NEWS & EVENTS
A team of researchers have created a 'liver on a chip,' a model of liver tissue that replicates the metabolic variations found throughout the organ and more accurately reflects the distinctive patterns of liver damage caused by exposure to environmental toxins, including pharmaceutical overdose. Read more at Mass General News.
With over two-thirds of US adults owning a smartphone, and the rise in miniaturized sensors that are used for remote health monitoring, mobile health (mHealth) is beginning to experience a boom. While the technology has the potential to expand access to services, and improve personal wellness and public health, such benefits may not be fully realized unless greater privacy and security measures are implemented. Read more from Dartmouth.
Researchers funded by the National Institute of Biomedical Imaging and Bioengineering (NIBIB) have created a new type of tissue chip that can better represent human tissues compared with current chips, and can be more widely used for drug testing. By engineering the chips as a silk gel, the researchers circumvented many of the problems with existing devices. The new chip also has the potential to someday be an implantable treatment itself.
Scientists have, for the first time, been able to tell apart features distanced only 5 nanometers from each other to achieve the so far highest resolution in optical microscopy. The technology, also called 'discrete molecular imaging', enhances the team's DNA nanotechnology-powered super-resolution microscopy platform with an integrated set of new imaging methods. Read more from the Wyss Institute.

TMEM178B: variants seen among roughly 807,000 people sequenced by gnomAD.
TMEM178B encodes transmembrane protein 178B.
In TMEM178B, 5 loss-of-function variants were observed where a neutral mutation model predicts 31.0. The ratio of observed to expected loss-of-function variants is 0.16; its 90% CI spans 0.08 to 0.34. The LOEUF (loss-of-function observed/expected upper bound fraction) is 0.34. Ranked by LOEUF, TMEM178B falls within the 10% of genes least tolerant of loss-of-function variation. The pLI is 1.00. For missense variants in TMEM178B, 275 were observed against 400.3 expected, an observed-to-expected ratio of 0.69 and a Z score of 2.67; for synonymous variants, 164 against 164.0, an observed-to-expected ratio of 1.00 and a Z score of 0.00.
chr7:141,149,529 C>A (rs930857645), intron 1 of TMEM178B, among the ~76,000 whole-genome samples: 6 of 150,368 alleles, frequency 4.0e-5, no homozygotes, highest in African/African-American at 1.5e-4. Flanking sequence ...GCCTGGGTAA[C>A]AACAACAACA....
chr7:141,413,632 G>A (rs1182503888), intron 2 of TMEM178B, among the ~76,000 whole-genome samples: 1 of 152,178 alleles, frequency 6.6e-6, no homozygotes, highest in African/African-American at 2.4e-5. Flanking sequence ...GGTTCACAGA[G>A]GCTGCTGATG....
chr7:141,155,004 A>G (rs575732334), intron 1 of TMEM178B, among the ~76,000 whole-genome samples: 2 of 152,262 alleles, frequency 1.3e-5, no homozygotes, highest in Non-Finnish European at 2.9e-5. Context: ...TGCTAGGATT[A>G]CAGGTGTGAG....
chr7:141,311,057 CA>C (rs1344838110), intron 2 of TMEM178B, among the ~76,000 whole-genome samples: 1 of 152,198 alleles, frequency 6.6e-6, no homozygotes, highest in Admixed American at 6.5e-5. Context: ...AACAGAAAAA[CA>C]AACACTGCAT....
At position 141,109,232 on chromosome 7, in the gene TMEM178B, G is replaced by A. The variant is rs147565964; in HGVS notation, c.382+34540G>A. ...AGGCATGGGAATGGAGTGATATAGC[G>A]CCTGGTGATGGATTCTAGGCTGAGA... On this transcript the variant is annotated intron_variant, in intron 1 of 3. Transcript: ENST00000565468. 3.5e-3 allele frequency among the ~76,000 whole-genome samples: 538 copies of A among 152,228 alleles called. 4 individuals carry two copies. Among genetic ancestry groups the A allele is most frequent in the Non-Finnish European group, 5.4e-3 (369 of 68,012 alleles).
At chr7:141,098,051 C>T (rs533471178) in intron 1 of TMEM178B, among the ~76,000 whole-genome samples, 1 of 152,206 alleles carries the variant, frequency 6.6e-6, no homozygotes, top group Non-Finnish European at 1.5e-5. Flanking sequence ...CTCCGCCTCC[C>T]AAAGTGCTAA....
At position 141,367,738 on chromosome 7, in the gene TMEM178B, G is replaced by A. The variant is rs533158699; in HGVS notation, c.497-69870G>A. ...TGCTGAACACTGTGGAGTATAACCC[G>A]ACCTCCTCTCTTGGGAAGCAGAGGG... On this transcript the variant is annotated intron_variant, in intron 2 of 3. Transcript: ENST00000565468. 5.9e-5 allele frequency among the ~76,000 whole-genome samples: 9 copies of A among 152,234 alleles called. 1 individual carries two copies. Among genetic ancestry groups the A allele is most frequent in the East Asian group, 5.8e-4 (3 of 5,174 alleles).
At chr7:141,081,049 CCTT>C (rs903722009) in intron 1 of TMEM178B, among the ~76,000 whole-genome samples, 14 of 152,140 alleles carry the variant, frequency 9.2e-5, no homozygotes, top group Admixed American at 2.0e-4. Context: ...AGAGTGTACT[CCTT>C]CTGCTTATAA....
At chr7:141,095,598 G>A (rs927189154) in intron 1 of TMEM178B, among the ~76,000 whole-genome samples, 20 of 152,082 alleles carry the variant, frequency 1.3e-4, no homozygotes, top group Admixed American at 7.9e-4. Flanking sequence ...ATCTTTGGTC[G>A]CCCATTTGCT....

A new procedure that combines video-assisted surgery with real-time image guidance is helping surgeons remove lung nodules while preserving healthy tissue. The procedure was developed and is being tested at the NIBIB-funded Advanced Multimodality Image Guided Operating Suite (AMIGO). Read the article at www.rsna.org/news
Dr. Gordana Vunjak-Novakovic and her colleagues have managed to create living bone from stem cells. First, they made a CT scan to create a 3-D image of each pig’s jaw. From cow bone, they sculpted a “scaffold” — a three-dimensional copy of the pig bone. Read more at New York Times.